If you want to read Pope St. John Paul II, do the same, and avoid the distortion of the lens used by the pop-Catholics of the TOB Institute.

*** ADDENDUM *** West claims he first heard this quotation from Bishop Fulton Sheen.  It's possible Sheen got it from Jung.  In fact Sheen seems to quote the same translation that includes the interpolated phrase.  I've also been told that the quotation is not definitely by St. Augustine, but probably by Caesarius of Arles - and it has been recognized as "pseudo Augustine" for a long time.

But it's not surprising that Sheen read Jung without becoming a Jungian.  John Paul II alludes to Jung in a footnote in his Wednesday Audiences.   C. S. Lewis also alludes to Jung, but the theology of Sheen, JP2 and Lewis is light years from the theology of Carl Jung.

West, on the other hand, is deeply influenced by Jung's Neo-Gnostic nonsense.  Dawn Eden talks about the connection a bit (see p. 29) in her master's thesis.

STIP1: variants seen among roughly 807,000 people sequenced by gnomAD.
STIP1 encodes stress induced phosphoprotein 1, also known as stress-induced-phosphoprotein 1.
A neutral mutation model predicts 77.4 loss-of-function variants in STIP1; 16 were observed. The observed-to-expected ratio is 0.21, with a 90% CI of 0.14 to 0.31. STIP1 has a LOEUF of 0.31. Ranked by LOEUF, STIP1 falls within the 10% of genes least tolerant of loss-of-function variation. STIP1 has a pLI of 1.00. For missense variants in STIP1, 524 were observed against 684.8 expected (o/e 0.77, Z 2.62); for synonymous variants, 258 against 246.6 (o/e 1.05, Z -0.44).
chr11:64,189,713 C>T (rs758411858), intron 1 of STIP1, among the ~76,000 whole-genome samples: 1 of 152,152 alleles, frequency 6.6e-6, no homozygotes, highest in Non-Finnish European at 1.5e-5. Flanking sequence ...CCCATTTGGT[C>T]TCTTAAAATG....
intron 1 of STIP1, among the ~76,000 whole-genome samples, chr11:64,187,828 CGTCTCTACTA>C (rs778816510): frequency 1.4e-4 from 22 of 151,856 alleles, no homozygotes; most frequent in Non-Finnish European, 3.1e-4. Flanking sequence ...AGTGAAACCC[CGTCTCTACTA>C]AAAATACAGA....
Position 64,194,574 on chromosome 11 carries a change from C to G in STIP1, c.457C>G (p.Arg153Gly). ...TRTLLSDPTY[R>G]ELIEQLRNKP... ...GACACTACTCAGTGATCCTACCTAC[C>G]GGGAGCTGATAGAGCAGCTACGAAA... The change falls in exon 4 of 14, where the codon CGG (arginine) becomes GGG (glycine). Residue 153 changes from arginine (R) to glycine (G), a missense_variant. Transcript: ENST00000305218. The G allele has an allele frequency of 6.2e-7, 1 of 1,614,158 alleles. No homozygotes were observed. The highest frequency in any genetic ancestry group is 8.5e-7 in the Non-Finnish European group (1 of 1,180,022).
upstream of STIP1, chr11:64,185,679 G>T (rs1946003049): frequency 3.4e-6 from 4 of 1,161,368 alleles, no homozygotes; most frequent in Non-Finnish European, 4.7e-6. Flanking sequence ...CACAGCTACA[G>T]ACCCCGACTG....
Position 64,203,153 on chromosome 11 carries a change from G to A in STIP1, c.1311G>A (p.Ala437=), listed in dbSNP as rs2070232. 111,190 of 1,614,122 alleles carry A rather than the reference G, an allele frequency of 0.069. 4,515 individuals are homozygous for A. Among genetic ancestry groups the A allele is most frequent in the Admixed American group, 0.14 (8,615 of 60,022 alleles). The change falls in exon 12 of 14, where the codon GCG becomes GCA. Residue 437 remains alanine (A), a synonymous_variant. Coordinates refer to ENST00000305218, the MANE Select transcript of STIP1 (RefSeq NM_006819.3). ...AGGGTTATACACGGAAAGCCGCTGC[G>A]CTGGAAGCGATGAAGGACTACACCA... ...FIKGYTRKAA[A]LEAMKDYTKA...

***ADDENDUM 2 ***

Reader Juniper points out that (in effect) "joined himself to her forever" is not interpolated, but that it follows the body of the quotation and should be joined to it by an ellipsis, which is missing in all online citations I can find.  See his comment below.

And see as well my follow up here.

***ADDENDUM 3***

And here.


jvc said...

I would love it if you wrote a book on the connections between Gnosticism and West. And it's not just West. It's every cult (using the modern definition) in the Church today.

These are alternatives to the Church and her teachings, and people ought to understand them for what they are.

Only a deeply disturbed person goes out looking for and collecting the kind of fake-quotes as West does.

PS - Notice the blue shirt ;-)

Juniper, a bean farmer said...


What's the interpolated phrase in the quote? What's a more accurate translation?


jvc said...

Amazing, also, that Augustine apparently wrote just like a 21st century erotic literature writer. The things West has discovered for us!

Kevin O'Brien said...